Is Stalking a Crime?

Stalking is a crime in every state and territory in Australia.

Stalking has to be more than one incident. Some states require two or more offences. If only one incident has occurred then the correct offence in Intimidation.

If you report your stalker to the police, the stalker could be arrested, charged and will have to appear to appear in court.

You can also take out an apprehended violence order. The condition not to stalk appears as number 1c on a New South Wales Apprehended Violence Order.

‘The defendant must not stalk the PINOP (person in need of protection)or any other person whom the PINOP has a domestic relationship)

 

It is important to have a broad knowledge of stalking legislation from most Australian states and territories due to the transient nature of some victims who are escaping their predator and because of advancements in electronic communications. Quite often nowadays we may find the victim in one state and the perpetrator in another, or even in another country.

 

The following is a summary of stalking legislation in Australia, current as of the 6 March, 2009. Current legislation from all states and territories in Australia can be found on the austlii website

http://www.austlii.edu.au/

 

NEW SOUTH WALES

Crimes (Domestic & Personal Violence) Act 2007, NSW

Stalking legislation in New South Wales was made in tandem with laws enacted in relation to domestic violence matters. The NSW government determined in 2007 that the provisions relating to domestic and personal violence ought to be contained in separate legislation.  The Crimes (Domestic and Personal Violence) Act 2007 NSW (‘the Act’) came into effect on the 10 March 2008, and deals with matters of domestic and personal violence only.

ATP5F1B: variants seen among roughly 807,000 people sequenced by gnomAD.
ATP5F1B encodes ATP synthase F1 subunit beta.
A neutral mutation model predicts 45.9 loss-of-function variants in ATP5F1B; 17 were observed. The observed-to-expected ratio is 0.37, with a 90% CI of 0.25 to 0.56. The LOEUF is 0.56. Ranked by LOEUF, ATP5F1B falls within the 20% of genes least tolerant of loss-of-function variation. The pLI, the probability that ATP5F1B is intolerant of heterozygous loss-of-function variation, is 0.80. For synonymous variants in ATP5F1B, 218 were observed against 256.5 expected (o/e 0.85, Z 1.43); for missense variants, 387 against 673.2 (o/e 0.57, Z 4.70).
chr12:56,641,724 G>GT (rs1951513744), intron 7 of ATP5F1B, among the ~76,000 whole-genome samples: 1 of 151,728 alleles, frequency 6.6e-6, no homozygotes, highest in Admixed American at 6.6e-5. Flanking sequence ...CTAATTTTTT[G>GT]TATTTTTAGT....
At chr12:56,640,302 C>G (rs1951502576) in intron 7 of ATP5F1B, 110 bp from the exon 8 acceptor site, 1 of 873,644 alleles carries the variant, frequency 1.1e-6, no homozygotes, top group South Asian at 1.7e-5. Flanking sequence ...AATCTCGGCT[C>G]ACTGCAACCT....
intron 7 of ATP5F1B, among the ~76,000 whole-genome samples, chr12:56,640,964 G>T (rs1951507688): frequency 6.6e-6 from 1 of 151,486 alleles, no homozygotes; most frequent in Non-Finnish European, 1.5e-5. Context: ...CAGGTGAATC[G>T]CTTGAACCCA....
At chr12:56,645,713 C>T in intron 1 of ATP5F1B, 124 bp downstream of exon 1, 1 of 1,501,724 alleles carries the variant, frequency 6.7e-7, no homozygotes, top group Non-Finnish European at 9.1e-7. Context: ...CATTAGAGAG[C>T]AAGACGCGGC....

The provisions relating to stalking in the new Act are sections 8 and 13. Section 8 contains the definition of stalking, while section 13 contains the offence provision.

 

Section 8: Meaning of “Stalking”

(1)    In this Act, “stalking” includes the following of a person about or the watching or frequenting of the vicinity of, or an approach to, a person’s place of residence, business or work or any place that a person frequents for the purposes of any social or leisure activity.

(2)    For the purpose of determining whether a person’s conduct amounts to stalking, a court may have regard to any pattern of violence (especially violence constituting a domestic violence offence) in the person’s behaviour.

The definition provided in Section 8 is an extremely wide definition of what can constitute stalking. It can encompass cyber behaviour, although the Commonwealth legislation code covers telephone and computers which would be used in preference to section 8 if the conduct alleged was restricted to cyber behaviour only.